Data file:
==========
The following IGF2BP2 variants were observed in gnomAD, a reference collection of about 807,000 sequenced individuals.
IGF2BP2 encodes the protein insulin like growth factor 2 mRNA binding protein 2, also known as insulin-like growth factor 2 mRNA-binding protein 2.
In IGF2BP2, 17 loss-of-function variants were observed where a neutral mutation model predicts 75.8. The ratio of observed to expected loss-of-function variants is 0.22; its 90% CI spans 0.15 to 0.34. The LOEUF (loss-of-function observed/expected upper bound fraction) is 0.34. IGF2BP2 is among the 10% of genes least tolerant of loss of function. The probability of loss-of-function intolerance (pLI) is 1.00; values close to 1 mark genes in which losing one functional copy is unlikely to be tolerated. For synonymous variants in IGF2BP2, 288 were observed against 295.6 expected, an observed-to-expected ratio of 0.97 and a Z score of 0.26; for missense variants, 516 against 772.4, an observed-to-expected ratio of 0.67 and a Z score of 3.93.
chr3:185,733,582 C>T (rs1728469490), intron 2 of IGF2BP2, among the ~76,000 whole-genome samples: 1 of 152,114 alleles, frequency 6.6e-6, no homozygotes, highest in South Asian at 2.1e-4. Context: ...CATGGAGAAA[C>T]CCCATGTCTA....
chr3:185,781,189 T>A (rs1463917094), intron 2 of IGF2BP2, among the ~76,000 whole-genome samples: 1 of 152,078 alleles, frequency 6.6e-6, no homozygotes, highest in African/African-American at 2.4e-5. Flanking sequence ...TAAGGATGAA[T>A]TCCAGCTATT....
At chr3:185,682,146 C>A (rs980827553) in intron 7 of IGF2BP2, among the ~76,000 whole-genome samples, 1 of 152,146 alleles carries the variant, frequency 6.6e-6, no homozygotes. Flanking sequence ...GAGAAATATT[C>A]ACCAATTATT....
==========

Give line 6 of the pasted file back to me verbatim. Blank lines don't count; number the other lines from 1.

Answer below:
At chr3:185,682,146 C>A (rs980827553) in intron 7 of IGF2BP2, among the ~76,000 whole-genome samples, 1 of 152,146 alleles carries the variant, frequency 6.6e-6, no homozygotes. Flanking sequence ...GAGAAATATT[C>A]ACCAATTATT....